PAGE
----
Cards continue wild ride, eliminate Brewers to earn spot in World Series

The St. Louis Cardinals celebrate after Game 6 of the National League championship series against the Milwaukee Brewers. The Cardinals won 12-6 to win the series and advance to the World Series.

The St. Louis Cardinals celebrate after Game 6 of the National League championship series against the Milwaukee Brewers. The Cardinals won 12-6 to win the series and advance to the World Series. Photo by The Associated Press.

MILWAUKEE (AP) — An afterthought in early September, the St. Louis Cardinals are taking their wild ride all the way to the World Series.

David Freese hit a three-run homer in the first and manager Tony La Russa turned again to his brilliant bullpen for seven sturdy innings as St. Louis captured its 18th pennant with a 12-6 victory over the bumbling Milwaukee Brewers on Sunday night.

Albert Pujols and the wild-card Cardinals took out the heavily favored Phillies in the first round, then dispatched the division-rival Brewers on their own turf in Game 6 of the NL championship series.

Looking for its second title in six seasons, St. Louis opens the World Series at home Wednesday night with ace Chris Carpenter on the mound against the AL champion Texas Rangers.

Trailing by 10 1⁄2 games in the wild-card race Aug. 25, the Cardinals surged down the stretch and took advantage of a monumental collapse by Atlanta to win a playoff spot on the final night of the regular season.

Now, bolstered by a group of no-name relievers who keep answering La Russa’s call, the Cardinals are back in the World Series for the first time since beating Detroit in 2006.

What a relief!

It was a disappointing end to a scintillating season for Prince Fielder, Ryan Braun and the NL Central champion Brewers, who finished with a franchise-record 96 wins, six games ahead of St. Louis.

Baseball’s best home team collapsed in the NLCS, though, losing twice at Miller Park in an error-filled flop. It was likely Fielder’s final game with the Brewers, too. He can become a free agent after the season.

Rafael Furcal and Pujols hit solo homers off Chris Narveson and St. Louis built a 9-4 lead by the time the bullpen took over for Edwin Jackson in the third inning.

The group of Fernando Salas, Marc Rzepczynski, Octavio Dotel, Lance Lynn and Jason Motte allowed two runs the rest of the way. For the series, St. Louis relievers finished 3-0 with a 1.88 ERA over 282⁄3 innings.

The biggest scare came when Pujols appeared shaken up after tagging out Braun in the fifth inning when he fell hard on his right forearm on a close play at first base. The three-time MVP was slow to get up, but stayed in the game.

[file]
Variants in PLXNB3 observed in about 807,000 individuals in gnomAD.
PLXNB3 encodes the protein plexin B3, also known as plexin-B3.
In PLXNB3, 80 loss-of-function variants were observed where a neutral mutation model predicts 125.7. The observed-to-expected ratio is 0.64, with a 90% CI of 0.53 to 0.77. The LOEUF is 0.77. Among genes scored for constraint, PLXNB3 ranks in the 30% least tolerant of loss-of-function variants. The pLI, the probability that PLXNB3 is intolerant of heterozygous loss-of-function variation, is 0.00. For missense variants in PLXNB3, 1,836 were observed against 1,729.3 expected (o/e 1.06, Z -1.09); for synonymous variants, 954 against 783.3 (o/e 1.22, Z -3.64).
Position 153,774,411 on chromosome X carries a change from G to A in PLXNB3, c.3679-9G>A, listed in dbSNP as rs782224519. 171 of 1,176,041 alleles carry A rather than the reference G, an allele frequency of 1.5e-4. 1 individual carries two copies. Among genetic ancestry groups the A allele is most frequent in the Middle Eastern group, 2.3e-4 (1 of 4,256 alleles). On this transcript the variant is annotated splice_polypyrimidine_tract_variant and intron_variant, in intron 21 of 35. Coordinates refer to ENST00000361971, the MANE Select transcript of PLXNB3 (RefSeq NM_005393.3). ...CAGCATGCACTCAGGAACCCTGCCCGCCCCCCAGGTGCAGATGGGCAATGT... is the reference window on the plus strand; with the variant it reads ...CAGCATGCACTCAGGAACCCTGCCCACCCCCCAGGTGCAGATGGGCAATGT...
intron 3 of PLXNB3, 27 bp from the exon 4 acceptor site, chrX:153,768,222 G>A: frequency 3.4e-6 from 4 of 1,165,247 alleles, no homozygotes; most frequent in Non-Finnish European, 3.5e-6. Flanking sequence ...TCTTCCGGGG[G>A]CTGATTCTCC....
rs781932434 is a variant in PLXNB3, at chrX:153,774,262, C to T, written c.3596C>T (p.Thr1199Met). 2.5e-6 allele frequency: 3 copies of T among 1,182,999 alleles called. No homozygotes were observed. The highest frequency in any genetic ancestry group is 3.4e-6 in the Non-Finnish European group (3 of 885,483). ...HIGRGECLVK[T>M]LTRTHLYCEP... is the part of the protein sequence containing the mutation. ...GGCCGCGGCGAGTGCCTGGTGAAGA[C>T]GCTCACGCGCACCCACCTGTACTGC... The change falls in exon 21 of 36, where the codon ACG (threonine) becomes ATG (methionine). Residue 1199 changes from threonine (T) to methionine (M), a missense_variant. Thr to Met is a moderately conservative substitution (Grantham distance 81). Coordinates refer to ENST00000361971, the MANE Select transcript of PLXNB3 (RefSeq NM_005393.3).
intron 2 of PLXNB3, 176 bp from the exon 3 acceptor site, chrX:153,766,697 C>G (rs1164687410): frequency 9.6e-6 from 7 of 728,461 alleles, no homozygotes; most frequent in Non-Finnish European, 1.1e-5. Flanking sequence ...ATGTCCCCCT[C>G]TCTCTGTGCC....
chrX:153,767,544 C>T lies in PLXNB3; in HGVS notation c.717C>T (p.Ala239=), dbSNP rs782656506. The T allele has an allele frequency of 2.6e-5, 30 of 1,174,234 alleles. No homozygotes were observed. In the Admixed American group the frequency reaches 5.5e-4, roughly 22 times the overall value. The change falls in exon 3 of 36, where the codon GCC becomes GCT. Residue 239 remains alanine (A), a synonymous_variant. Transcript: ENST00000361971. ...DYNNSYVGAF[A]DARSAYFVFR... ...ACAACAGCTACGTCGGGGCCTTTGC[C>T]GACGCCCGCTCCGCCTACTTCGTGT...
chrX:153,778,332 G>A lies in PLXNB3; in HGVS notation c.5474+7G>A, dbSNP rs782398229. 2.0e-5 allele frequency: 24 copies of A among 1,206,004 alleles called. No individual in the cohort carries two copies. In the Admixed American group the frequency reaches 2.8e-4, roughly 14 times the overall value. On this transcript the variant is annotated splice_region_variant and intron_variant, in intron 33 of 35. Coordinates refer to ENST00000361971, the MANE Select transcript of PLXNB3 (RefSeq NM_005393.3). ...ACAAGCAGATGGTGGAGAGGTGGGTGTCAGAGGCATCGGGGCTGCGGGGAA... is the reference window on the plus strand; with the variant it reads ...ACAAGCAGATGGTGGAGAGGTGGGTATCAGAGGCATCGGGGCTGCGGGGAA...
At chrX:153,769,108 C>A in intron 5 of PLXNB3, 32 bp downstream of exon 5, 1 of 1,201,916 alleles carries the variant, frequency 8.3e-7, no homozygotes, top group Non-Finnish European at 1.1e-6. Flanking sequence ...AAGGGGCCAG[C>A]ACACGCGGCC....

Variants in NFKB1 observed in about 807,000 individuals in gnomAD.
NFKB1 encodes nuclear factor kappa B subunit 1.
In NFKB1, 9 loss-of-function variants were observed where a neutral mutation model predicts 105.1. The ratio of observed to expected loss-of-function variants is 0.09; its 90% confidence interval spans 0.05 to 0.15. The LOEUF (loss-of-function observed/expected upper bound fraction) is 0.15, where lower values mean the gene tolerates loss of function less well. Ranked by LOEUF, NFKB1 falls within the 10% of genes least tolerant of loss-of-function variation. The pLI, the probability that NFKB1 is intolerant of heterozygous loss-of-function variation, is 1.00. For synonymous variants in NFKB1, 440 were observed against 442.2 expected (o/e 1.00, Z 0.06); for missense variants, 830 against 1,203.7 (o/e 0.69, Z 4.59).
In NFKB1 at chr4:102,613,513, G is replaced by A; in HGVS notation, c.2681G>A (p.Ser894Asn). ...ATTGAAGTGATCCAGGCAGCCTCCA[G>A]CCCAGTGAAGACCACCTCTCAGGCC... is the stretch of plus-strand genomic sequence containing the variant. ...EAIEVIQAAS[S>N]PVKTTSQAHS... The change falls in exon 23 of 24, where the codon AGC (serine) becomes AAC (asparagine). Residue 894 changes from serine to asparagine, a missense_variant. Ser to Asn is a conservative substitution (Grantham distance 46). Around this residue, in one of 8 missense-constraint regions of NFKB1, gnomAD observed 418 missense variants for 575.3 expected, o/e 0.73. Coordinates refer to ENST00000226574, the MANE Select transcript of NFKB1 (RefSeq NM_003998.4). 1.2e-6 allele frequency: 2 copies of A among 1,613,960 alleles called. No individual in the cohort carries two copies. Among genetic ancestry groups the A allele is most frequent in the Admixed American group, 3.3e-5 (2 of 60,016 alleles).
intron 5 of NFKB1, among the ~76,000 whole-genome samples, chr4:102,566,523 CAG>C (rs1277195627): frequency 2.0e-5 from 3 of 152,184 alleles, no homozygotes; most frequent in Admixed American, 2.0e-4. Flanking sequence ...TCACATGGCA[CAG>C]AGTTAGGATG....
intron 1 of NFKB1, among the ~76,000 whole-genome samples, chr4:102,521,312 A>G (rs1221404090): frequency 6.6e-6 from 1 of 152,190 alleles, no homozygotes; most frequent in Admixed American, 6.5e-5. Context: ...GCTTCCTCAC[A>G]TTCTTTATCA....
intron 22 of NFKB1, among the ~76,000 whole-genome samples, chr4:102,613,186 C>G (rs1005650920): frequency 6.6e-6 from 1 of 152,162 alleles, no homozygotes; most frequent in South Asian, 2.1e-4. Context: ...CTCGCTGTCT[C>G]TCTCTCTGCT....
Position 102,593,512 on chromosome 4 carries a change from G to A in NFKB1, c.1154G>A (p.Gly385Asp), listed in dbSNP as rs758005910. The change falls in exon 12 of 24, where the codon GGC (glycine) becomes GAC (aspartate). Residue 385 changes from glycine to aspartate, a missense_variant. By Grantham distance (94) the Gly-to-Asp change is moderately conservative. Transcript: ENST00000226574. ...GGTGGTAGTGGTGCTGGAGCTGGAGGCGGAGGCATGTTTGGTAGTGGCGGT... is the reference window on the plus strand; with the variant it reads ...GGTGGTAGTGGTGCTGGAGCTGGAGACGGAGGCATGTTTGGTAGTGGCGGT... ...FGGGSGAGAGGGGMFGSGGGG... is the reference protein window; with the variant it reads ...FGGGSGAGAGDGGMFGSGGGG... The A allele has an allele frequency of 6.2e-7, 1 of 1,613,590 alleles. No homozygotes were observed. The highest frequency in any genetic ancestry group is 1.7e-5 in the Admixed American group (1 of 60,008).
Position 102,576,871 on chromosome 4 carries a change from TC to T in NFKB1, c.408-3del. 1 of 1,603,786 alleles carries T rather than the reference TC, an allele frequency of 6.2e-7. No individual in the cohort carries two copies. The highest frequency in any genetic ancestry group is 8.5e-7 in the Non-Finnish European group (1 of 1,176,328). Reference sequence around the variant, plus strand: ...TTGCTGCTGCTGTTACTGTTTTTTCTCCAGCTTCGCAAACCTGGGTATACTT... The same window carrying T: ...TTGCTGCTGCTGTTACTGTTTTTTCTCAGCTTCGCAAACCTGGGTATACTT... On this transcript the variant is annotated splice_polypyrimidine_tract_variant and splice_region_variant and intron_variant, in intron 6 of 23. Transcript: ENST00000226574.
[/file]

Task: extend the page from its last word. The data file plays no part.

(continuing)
St. Louis went 15-5 over the final 20 games to clinch a playoff spot on the final day of the regular season. The Cardinals needed Carpenter to throw a shutout to beat the Phillies 1-0 in Game 5 of the NLDS, but took control of this series beginning in Game 2 by getting early leads and letting their bullpen lead the way.

Jackson’s start was the shortest of the postseason for the Cardinals rotation, which finished the NLCS with a 7.66 ERA. St. Louis became the first team to win a postseason series without a starter reaching the sixth inning, according to STATS LLC.

Corey Hart, Rickie Weeks and Jonathan Lucroy all homered for the Brewers.

It was the two ugly defensive performances that will likely linger for Milwaukee, which committed four errors in a 7-1 loss in Game 5 and added three more in Game 6.

The Brewers’ biggest hitters — Braun, Fielder and Weeks — finished 1-for-12. Fielder, the All-Star game MVP and the reason St. Louis will start at home on Wednesday, received a standing ovation in his final at-bat in the eighth. He grounded out and slowly walked back to the dugout with his head down.

Struggling starter Shaun Marcum never really gave Milwaukee a chance and was hurt by defensive plays that weren’t ruled errors.

In the first, Jon Jay singled with one out and stole second when Weeks couldn’t hold onto Lucroy’s throw. Marcum believed he had strike three on Pujols, who ended up walking.

Lance Berkman singled against Marcum to drive in the first run, and center fielder Nyjer Morgan made an ill-advised throw to third, with Pujols moving from first to third, that let Berkman advance.

Marcum saved a run by grabbing Matt Holliday’s grounder and flipping it out of his glove to Lucroy to get Pujols at the plate, but Freese homered on the next pitch to make it 4-0 and extend his postseason hitting streak to 10 games. He was selected the series MVP.

Marcum finished the first, ending his postseason 0-3 with a 14.90 ERA.

Furcal homered off Chris Narveson with two outs in the second and Pujols followed with a drive to left field to give St. Louis a 6-4 lead.

Holliday then singled, Freese doubled and the Brewers intentionally walked Yadier Molina with one out. Nick Punto hit a sacrifice fly and pinch-hitter Allen Craig singled in two more runs off LaTroy Hawkins to make it 9-4.

Yuniesky Betancourt’s RBI double in the fourth cut the lead to 9-5, but Milwaukee fell apart in the fifth with three errors in a span of two plays.

Pinch-hitter Adron Chambers’ sacrifice fly gave St. Louis an 11-5 lead in the fifth. But the focus was on Pujols when he was slow to get up in the bottom of the inning.

La Russa came out to check on his star, who gripped his right forearm and had a brief limp, but stayed in the game. He looked better, contributing a two-out RBI single in the eighth for the final margin.

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